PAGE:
RSA’s excuses have convinced some onlookers, others remain sceptical. But the organisation that took far more flak this week was the NSA itself, which had its own booth on the trade floor, albeit a considerably plainer one than the surrounding neon-clad stalls of commercial firms.

There was one criticism, amid the understandable ire around the damage done to global privacy, which stood out: that the NSA’s mass spying had perversely made life easier for digital criminals.

Data sharing in danger

Cross-border data-sharing mechanisms – a critical part in both online and non-internet crime investigations – have come under threat since the Edward Snowden leaks. Even though information-sharing deals covering banking and airline passenger data just about survived calls to suspend them, the Snowden files have caused problems for collaboration between public and private bodies.

The heightened tensions lie not between law enforcement agencies, but between police and other organisations that potentially hold valuable information for investigations. “The impact is more [with] third parties giving more consideration to sharing their data with agencies or other departments,” said Charlie McMurdie, formerly the head of the defunct Metropolitan Police Central e-Crime Unit and now senior crime adviser at PricewaterhouseCoopers.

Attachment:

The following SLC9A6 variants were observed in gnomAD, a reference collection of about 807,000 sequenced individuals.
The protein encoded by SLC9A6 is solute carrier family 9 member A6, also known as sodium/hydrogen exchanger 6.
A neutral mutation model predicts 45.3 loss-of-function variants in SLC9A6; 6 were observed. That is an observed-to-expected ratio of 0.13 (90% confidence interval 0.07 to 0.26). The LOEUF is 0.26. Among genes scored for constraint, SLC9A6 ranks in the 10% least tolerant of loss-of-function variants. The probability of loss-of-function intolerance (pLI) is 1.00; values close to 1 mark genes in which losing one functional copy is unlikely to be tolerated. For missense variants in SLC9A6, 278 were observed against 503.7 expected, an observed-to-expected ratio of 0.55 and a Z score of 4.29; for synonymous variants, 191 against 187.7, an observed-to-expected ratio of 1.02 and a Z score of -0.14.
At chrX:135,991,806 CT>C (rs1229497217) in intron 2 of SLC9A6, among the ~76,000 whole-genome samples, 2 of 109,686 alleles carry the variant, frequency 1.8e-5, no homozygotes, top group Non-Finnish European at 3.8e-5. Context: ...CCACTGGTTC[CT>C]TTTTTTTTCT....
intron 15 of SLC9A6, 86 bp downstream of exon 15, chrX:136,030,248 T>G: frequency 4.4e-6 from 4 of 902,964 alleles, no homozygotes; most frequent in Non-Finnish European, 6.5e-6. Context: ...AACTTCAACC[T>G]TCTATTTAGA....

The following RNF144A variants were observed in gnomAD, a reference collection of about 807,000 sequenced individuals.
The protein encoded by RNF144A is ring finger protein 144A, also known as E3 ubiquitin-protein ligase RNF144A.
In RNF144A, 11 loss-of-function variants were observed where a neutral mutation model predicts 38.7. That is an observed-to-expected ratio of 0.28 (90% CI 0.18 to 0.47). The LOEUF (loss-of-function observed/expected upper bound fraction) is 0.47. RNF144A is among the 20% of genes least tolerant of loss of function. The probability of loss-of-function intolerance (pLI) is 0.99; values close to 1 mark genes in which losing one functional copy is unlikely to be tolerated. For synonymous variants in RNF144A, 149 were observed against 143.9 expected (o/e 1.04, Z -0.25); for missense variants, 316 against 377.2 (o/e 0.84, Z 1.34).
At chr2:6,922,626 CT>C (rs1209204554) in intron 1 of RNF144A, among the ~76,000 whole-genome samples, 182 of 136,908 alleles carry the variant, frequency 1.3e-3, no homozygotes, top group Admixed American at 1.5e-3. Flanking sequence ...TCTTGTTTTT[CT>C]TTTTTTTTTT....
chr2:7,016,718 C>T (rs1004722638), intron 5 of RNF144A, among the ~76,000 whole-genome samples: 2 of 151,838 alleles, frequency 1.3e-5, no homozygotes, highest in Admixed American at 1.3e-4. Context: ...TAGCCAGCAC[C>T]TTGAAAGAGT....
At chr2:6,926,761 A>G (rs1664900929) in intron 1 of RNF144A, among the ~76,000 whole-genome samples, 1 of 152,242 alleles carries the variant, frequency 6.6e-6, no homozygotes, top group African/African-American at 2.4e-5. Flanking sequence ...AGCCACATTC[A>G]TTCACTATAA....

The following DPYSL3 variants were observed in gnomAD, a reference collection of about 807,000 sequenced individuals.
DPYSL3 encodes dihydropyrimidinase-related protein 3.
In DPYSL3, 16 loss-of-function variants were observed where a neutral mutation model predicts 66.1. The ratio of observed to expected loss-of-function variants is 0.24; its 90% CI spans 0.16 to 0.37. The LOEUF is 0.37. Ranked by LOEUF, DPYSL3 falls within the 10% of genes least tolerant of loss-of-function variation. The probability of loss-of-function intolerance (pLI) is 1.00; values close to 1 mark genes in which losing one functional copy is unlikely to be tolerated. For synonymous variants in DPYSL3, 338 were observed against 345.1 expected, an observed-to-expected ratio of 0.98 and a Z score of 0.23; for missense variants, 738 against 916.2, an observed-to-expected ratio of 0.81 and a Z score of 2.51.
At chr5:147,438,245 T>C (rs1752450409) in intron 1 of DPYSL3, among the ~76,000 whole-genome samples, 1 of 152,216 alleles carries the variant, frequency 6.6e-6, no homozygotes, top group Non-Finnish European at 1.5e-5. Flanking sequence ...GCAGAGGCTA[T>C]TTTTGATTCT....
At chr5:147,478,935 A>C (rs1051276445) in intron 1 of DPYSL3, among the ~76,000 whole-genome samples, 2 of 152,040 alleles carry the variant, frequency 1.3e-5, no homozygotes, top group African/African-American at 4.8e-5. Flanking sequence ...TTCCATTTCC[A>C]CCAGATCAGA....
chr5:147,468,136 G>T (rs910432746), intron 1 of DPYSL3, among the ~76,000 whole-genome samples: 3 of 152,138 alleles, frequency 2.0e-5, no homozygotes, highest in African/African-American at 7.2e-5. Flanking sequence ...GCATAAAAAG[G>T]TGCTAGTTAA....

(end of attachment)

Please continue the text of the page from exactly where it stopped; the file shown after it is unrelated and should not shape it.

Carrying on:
“This can have a negative impact on law enforcement ability to respond to or progress investigations, but on the positive side [this] has also made third parties think more about where their data exists, security and sharing protocols, which isn’t a bad thing.”

A recent European Commission report on trust between the US and the EU following the leaks last year said: “Information sharing is … an essential component of EU-US security cooperation, critically important to the common goal of preventing and combating serious crime and terrorism. However, recent revelations about US intelligence collection programmes have negatively affected the trust on which this cooperation is based. In particular, it has affected trust in the way personal data is processed.”

Discussions are ongoing about an umbrella agreement covering law enforcement data sharing, with much talk of the need to ensure safeguards are in place, with “strict conditions”.